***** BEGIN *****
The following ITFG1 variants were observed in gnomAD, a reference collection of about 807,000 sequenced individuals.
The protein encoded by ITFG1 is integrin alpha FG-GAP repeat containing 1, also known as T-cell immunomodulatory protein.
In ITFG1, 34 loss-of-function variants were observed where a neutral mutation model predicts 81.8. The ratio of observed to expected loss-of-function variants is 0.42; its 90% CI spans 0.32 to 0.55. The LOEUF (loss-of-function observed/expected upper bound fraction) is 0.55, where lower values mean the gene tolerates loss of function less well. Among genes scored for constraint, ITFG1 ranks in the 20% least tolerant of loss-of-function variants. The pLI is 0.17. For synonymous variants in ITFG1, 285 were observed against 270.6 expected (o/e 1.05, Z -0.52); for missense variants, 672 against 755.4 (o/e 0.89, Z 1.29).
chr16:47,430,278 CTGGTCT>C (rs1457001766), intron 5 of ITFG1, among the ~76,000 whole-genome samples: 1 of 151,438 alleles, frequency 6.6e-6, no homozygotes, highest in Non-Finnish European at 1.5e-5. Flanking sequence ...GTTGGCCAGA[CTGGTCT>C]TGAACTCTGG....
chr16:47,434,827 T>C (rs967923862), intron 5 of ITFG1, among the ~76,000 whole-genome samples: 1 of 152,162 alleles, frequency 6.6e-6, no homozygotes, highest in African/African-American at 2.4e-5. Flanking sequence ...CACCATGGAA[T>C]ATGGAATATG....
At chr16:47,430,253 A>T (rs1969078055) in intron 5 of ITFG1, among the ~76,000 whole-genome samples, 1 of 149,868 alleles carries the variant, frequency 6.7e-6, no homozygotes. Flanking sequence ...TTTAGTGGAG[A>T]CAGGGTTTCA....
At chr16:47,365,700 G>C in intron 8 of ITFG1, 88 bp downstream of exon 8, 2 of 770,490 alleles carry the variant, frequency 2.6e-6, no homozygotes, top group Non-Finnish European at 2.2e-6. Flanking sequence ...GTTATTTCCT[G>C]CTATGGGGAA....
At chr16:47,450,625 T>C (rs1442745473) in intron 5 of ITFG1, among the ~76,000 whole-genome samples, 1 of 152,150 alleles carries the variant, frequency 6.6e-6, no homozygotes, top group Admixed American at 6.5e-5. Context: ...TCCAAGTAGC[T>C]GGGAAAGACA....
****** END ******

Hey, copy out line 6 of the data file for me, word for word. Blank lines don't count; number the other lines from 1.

At chr16:47,430,253 A>T (rs1969078055) in intron 5 of ITFG1, among the ~76,000 whole-genome samples, 1 of 149,868 alleles carries the variant, frequency 6.7e-6, no homozygotes. Flanking sequence ...TTTAGTGGAG[A>T]CAGGGTTTCA....